The news that the Chicago Sun-Times is laying off its entire photo staff is puzzling on many levels except the financial one: it reeks of desperation.
Certainly digital media cries out for more images, not fewer. It's strange to hear that the Sun-Times is going to begin training reporting staff on how to shoot photos with smartphones. (What year is this?) And the argument that digital media needs video is just a non sequitur.
But I'm equally perplexed by some of the reactions, mostly angry, from photographers and journalists, some of who have gone off on rants about how media companies are morally wrong to exploit free contributions. (Irony: such posts are on Facebook.) I don't see evidence that what the Sun-Times is doing has anything to do with free content from user participation.
Major magazines have been built out of freelance content, both text and images, for generations. Being on a payroll doesn't guarantee quality. Talent does, and money tends to find talent.
We use freelancers quite a bit. It's easier in some markets than in others, and Savannah is blessed with the creative community that has grown up around the Savannah College of Art and Design and from talented writers who have retired here. We use Ebyline to manage the pitch process and payments.
And staffers? They're expected to walk and chew gum at the same time. All of our staffers are trained to shoot both stills and video with their smartphones (and some have better regular cameras). They get regular coaching from photo chief Steve Bisson.
This lets the news operation function with just two full-time photographers. They're used in situations demanding special skills (sports, magazine illustration, visits from the president, etc.) Routine head shots, car crashes and the like are handled by reporters as part of their routine.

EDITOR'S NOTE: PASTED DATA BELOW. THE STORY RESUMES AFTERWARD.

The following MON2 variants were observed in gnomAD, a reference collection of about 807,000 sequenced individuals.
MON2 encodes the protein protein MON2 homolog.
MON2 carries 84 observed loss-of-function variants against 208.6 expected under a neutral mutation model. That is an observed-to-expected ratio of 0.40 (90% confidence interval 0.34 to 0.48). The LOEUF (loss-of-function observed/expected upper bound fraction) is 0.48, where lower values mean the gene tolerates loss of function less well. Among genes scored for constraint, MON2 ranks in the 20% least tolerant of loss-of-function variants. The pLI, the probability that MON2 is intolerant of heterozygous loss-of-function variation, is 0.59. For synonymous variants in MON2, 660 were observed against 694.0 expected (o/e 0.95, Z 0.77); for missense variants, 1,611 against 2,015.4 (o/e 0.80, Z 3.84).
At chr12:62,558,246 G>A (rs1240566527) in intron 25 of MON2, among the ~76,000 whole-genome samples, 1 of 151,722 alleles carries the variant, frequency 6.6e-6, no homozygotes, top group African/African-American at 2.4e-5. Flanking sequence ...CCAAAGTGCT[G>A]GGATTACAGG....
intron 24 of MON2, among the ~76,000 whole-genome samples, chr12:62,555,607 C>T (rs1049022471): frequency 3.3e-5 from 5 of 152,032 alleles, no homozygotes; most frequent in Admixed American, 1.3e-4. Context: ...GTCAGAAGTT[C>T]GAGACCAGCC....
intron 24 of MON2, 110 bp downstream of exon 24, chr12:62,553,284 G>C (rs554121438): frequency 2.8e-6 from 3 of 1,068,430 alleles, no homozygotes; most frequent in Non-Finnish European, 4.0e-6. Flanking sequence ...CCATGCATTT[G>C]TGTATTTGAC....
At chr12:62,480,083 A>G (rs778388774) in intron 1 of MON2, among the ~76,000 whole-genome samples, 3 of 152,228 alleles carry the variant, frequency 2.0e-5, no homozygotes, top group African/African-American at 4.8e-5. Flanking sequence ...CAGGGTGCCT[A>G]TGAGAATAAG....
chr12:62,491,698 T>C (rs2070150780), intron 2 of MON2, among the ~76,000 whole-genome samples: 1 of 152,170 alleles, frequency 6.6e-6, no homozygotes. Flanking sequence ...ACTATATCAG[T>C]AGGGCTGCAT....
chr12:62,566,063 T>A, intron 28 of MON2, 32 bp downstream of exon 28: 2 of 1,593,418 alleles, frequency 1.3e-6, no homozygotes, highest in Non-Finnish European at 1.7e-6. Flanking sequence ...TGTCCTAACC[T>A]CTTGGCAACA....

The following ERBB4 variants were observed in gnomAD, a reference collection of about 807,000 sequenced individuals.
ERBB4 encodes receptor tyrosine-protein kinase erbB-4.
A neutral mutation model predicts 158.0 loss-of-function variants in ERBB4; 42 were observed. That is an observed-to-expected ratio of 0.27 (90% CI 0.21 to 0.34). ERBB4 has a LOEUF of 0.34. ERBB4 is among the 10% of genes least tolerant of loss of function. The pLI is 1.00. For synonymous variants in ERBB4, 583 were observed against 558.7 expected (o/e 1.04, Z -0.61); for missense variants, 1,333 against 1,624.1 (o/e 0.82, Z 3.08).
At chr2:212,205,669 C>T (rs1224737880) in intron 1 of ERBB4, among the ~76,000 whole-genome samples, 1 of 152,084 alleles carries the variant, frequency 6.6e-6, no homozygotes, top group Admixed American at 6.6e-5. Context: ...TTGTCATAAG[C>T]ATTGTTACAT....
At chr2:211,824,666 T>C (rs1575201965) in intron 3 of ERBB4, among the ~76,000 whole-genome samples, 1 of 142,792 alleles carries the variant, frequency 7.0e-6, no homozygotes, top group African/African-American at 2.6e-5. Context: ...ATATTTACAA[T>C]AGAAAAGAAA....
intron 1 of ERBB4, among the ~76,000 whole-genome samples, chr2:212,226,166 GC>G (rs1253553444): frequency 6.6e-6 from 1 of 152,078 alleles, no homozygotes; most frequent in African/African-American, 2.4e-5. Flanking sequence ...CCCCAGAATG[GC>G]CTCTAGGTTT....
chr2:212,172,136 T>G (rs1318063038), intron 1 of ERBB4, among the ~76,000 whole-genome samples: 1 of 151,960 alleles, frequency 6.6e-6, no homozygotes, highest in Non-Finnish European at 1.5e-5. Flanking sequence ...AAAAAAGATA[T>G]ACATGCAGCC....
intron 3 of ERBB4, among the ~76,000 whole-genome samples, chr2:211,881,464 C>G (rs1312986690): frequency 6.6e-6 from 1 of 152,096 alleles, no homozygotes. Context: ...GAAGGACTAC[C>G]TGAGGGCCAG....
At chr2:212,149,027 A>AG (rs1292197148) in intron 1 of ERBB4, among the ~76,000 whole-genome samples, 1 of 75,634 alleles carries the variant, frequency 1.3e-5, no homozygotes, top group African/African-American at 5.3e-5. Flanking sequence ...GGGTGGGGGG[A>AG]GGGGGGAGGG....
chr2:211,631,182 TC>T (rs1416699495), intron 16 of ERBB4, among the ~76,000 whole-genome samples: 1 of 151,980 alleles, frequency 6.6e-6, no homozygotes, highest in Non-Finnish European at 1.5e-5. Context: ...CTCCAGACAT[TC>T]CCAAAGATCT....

This would not have been possible a generation ago, but digital technology has done away with the alchemy, mystery and time-suckage of the darkroom. The computers and optics in modern digital cameras can recognize and prioritize specific faces, compensate for caffeinated finger shake, and think faster than humans under most conditions.
The results are reliably usable, and I wasn't always able to say that of the professional photographers I worked with in the film era.
We also use free contributions. Any rage about that is misplaced. "Citizen journalism" doesn't really happen very much.
But we have organized a squad of volunteers who go to public events and shoot dozens, even hundreds, of images that we present in slideshows on our websites. This program, called Spotted, has been operating for years in all the Morris markets and accounts for hundreds of thousands of pageviews every week.
Is it journalism? I don't much care for the labeling debate, but I think there's civic value in providing a more genuine and balanced reflection of life in our communities. Traditional journalism, with its focus on government, politics and especially crime, provides a sadly corrupted overall story. A slideshow of hundreds of high school kids at prom or graduation is a truer tale about what it's like to live here than what's coming from the police blotter.
There's room for all three approaches -- professional staff, professional freelance, and freely contributed. There's no reason to go to war against any of them.